In the UK payment of volunteer travel expenses to and from a voluntary place of work was viewed as one of the cornerstones of good practice. Certainly within the Volunteer Centre I worked at, out of over 200 volunteering opportunities fewer than ten would not cover this out of pocket expense. When an organisation first submitted their application to receive volunteer referrals from us, and indicated on the application form that they did not pay travel expenses, we would approach them to try and instil the importance of this. If their response was that their budgets did not stretch that far (usually small volunteer led organisations) then we would put them in touch with our funding advisor to look at putting together a funding bid to cover the cost. We would then advise them that whenever they put in future funding bids that they include this cost. If funding was not an option we would look at ways they might assist volunteers with travel e.g. car sharing with other volunteers or a couple of services had a bus to pick up clients to take them to social activities and they also picked up the volunteers. In some cases (particularly two large charities with huge turnovers) we held protracted meetings with senior management to explore their reasons for not paying these expenses, especially as both organisations were fairly inaccessible by public transport. Where all else failed we made all non-paying organisations aware that we would tell prospective volunteers that they would not get their travel expenses reimbursed and that this was practice we didn’t agree with. It was then the volunteer’s personal decision whether to follow that application through.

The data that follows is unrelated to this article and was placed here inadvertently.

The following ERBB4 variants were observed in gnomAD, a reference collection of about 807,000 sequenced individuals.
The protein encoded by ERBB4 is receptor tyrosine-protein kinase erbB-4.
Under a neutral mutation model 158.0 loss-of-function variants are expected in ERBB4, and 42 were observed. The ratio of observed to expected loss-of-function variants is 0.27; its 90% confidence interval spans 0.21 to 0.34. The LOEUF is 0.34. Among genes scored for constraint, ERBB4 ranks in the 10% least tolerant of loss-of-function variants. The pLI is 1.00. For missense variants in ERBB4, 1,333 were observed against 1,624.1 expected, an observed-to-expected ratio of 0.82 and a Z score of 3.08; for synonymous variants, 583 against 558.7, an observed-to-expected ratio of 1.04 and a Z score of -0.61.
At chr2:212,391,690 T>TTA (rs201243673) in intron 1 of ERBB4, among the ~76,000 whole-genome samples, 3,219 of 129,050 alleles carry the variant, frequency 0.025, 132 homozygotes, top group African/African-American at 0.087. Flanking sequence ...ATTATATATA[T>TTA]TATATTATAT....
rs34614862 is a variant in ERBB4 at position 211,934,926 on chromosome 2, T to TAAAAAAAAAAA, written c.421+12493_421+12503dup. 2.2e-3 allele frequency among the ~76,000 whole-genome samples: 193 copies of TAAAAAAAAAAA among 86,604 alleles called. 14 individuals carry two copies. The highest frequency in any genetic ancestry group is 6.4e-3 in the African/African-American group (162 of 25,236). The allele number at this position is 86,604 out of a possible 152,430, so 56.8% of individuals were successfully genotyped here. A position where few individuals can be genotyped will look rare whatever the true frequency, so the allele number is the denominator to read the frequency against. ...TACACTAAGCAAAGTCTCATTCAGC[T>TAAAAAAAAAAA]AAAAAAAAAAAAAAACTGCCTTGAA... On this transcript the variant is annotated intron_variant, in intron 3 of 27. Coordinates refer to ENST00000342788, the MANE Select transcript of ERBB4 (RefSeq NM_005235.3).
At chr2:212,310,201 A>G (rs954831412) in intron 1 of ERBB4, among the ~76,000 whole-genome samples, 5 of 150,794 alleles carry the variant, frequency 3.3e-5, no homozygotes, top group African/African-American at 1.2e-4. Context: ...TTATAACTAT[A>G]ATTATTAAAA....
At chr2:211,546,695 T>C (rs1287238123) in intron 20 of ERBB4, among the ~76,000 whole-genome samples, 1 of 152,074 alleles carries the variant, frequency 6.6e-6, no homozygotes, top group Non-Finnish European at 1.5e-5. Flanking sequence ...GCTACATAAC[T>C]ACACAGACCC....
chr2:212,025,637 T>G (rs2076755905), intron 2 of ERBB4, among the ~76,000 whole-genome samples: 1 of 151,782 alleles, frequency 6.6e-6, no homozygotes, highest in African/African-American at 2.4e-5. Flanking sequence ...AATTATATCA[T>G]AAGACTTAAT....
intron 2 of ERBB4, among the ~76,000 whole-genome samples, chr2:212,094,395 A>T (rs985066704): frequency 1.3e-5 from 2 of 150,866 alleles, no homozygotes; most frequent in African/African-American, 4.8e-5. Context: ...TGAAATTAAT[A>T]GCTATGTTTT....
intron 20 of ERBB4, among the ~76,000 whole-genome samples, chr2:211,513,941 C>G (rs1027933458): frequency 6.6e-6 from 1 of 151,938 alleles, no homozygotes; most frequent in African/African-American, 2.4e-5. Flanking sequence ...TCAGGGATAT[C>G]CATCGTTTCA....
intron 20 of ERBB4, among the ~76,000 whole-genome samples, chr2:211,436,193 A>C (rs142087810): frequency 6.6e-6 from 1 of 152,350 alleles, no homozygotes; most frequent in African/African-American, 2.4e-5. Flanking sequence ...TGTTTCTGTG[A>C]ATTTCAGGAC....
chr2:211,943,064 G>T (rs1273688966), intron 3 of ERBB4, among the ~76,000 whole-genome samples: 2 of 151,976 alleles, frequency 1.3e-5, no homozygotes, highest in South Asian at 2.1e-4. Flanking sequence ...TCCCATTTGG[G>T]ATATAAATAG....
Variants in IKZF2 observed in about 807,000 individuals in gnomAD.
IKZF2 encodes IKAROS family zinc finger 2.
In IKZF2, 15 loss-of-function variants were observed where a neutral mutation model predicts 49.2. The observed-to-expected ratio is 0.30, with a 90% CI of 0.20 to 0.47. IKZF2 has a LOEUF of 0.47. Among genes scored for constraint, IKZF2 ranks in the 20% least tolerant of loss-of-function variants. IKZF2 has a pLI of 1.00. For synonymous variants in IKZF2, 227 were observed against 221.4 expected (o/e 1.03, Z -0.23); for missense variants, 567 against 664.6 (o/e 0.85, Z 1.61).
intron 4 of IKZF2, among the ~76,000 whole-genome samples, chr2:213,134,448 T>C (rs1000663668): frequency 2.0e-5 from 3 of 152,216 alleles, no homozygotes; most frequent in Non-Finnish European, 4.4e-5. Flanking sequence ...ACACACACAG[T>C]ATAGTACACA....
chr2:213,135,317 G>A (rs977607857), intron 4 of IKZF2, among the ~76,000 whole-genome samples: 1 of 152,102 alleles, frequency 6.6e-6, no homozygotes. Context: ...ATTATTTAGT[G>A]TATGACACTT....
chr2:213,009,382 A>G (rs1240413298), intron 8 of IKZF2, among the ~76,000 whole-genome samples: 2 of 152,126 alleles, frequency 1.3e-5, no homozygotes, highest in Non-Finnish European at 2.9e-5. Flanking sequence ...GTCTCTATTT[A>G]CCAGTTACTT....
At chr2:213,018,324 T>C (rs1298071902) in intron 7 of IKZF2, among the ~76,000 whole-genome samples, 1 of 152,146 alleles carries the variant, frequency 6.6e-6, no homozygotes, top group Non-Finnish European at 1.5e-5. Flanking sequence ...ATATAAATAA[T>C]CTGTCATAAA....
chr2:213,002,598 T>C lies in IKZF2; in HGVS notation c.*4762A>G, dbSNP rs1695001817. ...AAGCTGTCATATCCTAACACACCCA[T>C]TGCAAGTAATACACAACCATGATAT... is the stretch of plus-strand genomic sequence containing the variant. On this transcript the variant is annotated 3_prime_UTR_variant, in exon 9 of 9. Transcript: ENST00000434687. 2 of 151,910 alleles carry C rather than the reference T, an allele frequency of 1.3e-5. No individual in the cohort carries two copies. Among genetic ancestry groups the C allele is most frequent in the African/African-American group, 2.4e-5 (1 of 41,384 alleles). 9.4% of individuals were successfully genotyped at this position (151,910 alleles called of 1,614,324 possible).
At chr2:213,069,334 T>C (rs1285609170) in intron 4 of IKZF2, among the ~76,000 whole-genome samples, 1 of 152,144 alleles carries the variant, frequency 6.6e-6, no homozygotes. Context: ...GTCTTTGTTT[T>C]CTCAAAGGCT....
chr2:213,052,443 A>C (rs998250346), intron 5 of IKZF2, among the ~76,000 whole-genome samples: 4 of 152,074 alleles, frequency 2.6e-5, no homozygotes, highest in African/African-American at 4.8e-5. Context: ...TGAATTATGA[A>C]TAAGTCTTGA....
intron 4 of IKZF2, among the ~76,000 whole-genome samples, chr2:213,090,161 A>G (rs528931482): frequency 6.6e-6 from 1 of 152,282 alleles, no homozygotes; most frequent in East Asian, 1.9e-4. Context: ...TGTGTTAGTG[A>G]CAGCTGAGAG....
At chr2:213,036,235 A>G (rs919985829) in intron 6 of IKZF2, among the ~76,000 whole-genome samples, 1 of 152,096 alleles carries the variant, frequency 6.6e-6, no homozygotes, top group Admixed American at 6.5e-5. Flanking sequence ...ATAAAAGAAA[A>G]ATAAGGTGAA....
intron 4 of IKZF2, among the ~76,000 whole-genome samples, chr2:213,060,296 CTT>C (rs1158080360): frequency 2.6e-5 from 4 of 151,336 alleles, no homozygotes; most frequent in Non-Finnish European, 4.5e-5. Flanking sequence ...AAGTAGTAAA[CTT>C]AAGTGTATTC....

Given this background imagine my complete surprise to arrive in Australia and find this was not the model here. In fact it is quite the opposite; there is a minority of organisations that do cover volunteers travel expenses to and from their place of work. Thankfully the volunteer project I am managing is one of the few, so day to day my morals and everything I believe in are not compromised.

In my 18 months here I have had the conversation regarding travel expenses with so many professionals and felt I needed to record my thoughts in a blog post.

To me the payment of travel expenses to and from a volunteering role is  fundamental to an inclusive volunteering program. When looking at the diversity of our volunteer base we talk about engaging people from all walks of life and where possible, not holding any bias with regard to age, gender, mental health, physical ability, race, sexual orientation etc.. However my concern is that by not reimbursing the cost of travel to and from a place of voluntary work we are in fact financially discriminating against a huge group of individuals who are on low incomes. Running a car is not without expense and don’t get me started on public transport costs!